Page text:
Rated 4.0 out of 5 by 38
Rated 5.0 out of 5.0 by DIYChic Google is my BFF
So I ripped out the old tile in my bathroom...which the previous contractor (who messed up my tile btw) used Durarock cement boards to only find myself cleaning up a crumbled mess. I read review after review and heard from several contractors to use Hardie board for this project and i'm glad that i did. Now im a diy'er...so my first thought was how in the bleep are we going to cut through this stuff. Well..Thats why there's that good ole trial and error...(we first used a circular saw to no avail) but once I googled and found a demonstrarion on how to cut it...it was smooth sailing after that. Now if little old me could use a blade to penentrate this board and then kick to snap and get a clean break...anyone can (I wouldnt recommend this method and i only did that once. The real person doing the work just scoured and snapped it. I also used the same waterproofing method as everyone else on the seams. Although frustration started off pretty high with the board... once we googled it and watched the video...it was a breeze to work with. Would definitely use for future tiling projects.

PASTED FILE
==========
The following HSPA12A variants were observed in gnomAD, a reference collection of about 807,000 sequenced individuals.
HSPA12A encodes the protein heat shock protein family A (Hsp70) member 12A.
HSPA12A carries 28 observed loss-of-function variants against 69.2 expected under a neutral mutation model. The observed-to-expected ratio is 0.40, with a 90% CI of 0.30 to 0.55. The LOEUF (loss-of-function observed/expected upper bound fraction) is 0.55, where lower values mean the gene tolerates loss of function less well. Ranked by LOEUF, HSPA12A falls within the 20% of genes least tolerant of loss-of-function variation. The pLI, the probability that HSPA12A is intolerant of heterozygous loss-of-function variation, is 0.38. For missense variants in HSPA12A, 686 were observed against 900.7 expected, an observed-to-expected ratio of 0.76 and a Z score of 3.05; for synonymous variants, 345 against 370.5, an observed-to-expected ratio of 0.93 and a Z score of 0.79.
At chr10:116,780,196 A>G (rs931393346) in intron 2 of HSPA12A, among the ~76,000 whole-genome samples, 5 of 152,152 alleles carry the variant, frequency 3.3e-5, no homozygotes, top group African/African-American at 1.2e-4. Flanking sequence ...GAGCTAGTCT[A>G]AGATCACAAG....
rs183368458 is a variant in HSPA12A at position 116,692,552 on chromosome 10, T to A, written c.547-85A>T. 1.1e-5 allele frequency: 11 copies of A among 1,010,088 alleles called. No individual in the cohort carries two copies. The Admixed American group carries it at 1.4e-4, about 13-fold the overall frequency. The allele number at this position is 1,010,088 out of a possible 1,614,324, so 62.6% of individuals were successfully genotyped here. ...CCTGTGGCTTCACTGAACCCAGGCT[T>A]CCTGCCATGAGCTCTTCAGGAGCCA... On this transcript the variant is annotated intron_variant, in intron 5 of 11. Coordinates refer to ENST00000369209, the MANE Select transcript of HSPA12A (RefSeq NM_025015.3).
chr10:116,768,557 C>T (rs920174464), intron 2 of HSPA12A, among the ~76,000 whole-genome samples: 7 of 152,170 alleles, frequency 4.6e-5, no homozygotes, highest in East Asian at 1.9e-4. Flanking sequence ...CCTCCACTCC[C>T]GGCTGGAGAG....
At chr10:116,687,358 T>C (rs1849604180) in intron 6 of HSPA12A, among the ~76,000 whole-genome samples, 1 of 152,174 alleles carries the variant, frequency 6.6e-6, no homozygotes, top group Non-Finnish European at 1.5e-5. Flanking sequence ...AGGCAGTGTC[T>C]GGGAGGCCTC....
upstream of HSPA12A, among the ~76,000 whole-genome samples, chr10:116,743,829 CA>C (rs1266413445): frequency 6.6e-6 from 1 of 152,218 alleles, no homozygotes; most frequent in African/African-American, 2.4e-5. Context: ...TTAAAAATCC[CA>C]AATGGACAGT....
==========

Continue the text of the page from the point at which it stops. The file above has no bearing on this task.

January 19, 2016
Rated 4.0 out of 5.0 by fernbark Worked good for me
I found this product easy to work with for what I was doing. It was easy to cut with a grinder with a diamond blade. Pretty dusty though. You might have to pick through the pile to find one without a bent corner is the only real problem.
May 29, 2016
Rated 3.0 out of 5.0 by jp Good one the wall - a real pain to cut - score and snap is a myth
I think my next purchase will be wonderboard or some other cement product.
Hardieboard is nice and smooth and it doesn't have the fiber mesh that other products do. I'm not a pro, but I think this is probably a better product to have on the wall.
That said, cutting this stuff is a massive pain. The score and snap method worked for me a couple times after I scored halfway through the board. Other times it failed and it snapped in the wrong place. If you are a DIYer, I would suggest not even trying this method on the thicker board. It is not nearly as easy as they show you on the video. I was able to take it outside and cut it nicely with a hand saw, tossing some water on it as i cut so the dust is low. Another success I had cutting is using a cheap wet saw. It cuts nice and clean and straight with no dust. The downside with these methods is that they take forever.
This stuff looks nice on the walls, it is strong and not crumbly. However, the pains I had to go through to cut this stuff made it a bad experience.
April 21, 2016